COMFORT ZONE is the debut novel from Ex Federal Minister for Finance and long-time Labor true believer Lindsay Tanner. Given his background it's not surprising that he's turned his hand to crime writing with an emphasis on societal ills.
In COMFORT ZONE his area of special interest is racism. The sort of casual, life-long racism that seems to come from somewhere very lazy / convenient for many. In this case it's middle-aged, sad, pathetic cabbie Jack who embodies that casual rejection of anybody different based on a few simple truths as he sees them. The message is further hammered home because Jack is such a pathetic creature. Single, living in a shitty run down flat, working as a cabbie because that's what he seems to be prepared (in his mind) to "settle for". He drinks in a bit of a rundown old pub with a few less than stellar mates and distracts himself with porn.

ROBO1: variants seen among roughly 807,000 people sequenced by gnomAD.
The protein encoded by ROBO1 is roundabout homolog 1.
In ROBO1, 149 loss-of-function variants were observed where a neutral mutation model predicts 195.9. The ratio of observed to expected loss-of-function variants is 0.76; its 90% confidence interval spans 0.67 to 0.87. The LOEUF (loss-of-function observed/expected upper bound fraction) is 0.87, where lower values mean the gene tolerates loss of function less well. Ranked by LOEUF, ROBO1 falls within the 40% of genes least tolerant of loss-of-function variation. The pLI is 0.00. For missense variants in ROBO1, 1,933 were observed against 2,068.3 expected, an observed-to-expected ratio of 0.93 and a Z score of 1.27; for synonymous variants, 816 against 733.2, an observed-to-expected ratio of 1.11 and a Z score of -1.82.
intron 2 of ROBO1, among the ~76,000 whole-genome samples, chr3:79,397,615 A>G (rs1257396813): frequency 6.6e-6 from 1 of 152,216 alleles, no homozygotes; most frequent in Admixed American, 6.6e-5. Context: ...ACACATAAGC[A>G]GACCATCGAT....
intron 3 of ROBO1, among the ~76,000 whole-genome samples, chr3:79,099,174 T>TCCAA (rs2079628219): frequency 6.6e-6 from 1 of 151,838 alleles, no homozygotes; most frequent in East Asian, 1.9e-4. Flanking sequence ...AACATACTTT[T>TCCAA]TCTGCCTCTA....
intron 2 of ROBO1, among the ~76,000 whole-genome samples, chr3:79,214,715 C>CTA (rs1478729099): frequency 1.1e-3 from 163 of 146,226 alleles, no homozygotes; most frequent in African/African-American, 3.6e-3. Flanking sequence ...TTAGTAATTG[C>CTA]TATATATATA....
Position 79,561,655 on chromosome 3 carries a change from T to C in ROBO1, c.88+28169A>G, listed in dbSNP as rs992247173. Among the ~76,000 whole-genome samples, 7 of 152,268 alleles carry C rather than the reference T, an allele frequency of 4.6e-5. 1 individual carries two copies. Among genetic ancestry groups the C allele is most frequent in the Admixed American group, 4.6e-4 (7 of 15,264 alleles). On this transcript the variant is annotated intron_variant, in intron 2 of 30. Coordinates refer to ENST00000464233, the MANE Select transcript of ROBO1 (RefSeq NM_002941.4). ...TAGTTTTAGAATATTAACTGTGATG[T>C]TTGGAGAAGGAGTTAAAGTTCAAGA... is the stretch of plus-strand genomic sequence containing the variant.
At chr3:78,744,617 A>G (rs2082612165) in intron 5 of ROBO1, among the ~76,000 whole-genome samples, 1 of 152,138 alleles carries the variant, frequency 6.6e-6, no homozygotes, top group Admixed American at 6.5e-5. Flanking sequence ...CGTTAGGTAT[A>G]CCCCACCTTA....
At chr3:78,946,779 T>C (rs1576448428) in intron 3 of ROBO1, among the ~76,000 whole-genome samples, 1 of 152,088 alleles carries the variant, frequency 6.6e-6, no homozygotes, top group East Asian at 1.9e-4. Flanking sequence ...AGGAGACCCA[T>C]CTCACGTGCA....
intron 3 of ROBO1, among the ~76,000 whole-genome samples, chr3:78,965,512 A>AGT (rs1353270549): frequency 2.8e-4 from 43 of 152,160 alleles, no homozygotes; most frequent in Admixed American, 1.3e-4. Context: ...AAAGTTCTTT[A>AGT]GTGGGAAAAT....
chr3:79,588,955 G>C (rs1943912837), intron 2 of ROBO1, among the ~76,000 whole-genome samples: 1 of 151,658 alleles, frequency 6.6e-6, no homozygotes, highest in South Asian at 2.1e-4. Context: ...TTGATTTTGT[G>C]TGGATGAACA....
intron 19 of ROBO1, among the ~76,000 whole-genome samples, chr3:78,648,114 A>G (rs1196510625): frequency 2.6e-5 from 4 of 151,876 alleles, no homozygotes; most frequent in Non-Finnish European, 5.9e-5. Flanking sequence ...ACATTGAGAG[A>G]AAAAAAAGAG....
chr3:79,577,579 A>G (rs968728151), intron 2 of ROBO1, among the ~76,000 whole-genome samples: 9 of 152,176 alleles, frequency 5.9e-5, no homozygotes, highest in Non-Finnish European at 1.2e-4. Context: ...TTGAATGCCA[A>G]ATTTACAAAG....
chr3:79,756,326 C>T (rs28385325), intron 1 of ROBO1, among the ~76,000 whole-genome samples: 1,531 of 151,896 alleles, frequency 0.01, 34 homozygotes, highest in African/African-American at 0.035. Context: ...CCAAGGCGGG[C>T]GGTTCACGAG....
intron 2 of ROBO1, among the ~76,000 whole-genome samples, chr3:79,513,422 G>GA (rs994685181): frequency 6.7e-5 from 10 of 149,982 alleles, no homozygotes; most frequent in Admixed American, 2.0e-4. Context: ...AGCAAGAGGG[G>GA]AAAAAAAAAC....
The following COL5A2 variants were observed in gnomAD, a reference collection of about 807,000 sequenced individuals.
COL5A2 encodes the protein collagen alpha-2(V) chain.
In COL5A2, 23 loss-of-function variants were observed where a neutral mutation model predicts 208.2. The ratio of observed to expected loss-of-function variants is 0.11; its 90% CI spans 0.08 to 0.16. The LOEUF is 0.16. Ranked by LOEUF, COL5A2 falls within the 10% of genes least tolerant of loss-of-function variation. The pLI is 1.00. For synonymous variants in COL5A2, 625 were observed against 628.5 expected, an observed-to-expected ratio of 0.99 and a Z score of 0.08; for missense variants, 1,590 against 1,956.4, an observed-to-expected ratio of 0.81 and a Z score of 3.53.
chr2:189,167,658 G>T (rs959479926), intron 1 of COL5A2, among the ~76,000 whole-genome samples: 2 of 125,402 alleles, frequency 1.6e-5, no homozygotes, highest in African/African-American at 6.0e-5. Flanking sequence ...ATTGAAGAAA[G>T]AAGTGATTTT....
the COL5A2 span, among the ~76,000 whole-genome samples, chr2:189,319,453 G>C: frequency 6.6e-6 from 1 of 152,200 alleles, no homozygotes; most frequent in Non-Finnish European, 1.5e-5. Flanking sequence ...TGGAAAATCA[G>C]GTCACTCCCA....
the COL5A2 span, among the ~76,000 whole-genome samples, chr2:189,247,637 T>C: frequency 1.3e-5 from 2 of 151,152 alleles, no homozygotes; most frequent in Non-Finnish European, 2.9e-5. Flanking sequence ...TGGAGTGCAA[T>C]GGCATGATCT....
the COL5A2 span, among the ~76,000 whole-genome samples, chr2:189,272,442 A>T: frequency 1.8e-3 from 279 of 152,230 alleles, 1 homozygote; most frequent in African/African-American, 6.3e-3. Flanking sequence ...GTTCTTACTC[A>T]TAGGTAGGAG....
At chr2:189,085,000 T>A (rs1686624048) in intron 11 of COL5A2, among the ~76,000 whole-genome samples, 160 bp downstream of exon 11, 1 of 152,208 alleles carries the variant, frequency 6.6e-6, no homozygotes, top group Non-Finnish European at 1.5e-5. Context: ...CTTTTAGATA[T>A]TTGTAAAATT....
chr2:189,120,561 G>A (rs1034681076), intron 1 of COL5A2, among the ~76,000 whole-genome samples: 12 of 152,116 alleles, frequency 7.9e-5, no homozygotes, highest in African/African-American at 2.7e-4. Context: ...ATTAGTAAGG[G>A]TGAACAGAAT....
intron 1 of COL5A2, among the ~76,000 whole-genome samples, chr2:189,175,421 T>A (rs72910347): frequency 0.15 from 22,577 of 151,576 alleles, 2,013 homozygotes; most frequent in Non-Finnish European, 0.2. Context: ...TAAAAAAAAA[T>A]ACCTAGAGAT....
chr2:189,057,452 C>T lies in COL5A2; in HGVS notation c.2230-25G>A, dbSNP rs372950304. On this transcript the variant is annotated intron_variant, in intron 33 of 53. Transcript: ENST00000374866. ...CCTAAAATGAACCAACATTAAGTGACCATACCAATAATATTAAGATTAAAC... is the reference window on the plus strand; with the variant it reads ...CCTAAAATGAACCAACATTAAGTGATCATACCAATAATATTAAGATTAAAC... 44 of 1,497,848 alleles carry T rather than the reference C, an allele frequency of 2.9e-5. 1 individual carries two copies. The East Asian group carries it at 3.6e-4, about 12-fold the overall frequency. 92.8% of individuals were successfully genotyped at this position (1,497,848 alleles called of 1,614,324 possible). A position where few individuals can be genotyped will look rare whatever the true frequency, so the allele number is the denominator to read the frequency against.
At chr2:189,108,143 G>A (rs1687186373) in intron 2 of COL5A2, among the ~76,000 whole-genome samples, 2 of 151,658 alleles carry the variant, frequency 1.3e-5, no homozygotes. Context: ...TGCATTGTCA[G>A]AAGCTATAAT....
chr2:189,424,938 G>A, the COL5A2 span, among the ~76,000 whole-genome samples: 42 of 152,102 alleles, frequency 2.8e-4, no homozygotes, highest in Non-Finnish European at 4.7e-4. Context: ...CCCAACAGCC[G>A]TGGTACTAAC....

Until the day that his passenger leaps to the aid of a young Somali kid being beaten up, and Jack is sort of dragged along behind. Straight into the orbit of a beautiful Somalian single mum and love.
Needless to say Jack's life is destined to take mysterious turns - what with love and a book filled with Somalian writing leading to drug dealers, ASIO agents, a lot of dashing about in the inner Melbourne traffic and volunteering at a Somali Refugee Assistance Centre.
All of which might work as a bit of a caper novel except for a few glaring issues. The characters, as already indicated, come straight from Stereotypical Casting. The plot is less of an advancement of a scenario than it is a progression of minor scuffles signifying a lot of movement but not much actual action, threat or tension. Then there's the central theme - of racism being bad - an obvious and worthwhile undertaking. Although this particular racist is such a caricature, and frankly, if all it takes to solve the world's intolerance problems is a hefty dose of lust, then you can't help thinking we're heading into bigger problem territory.
Add to that some truly clunky dialogue and the sense of realism that you'd expect from high farce, but without the comedic element or even the bite, COMFORT ZONE somehow feels too floppy. Well-intentioned undoubtedly, but desperately dull in the execution.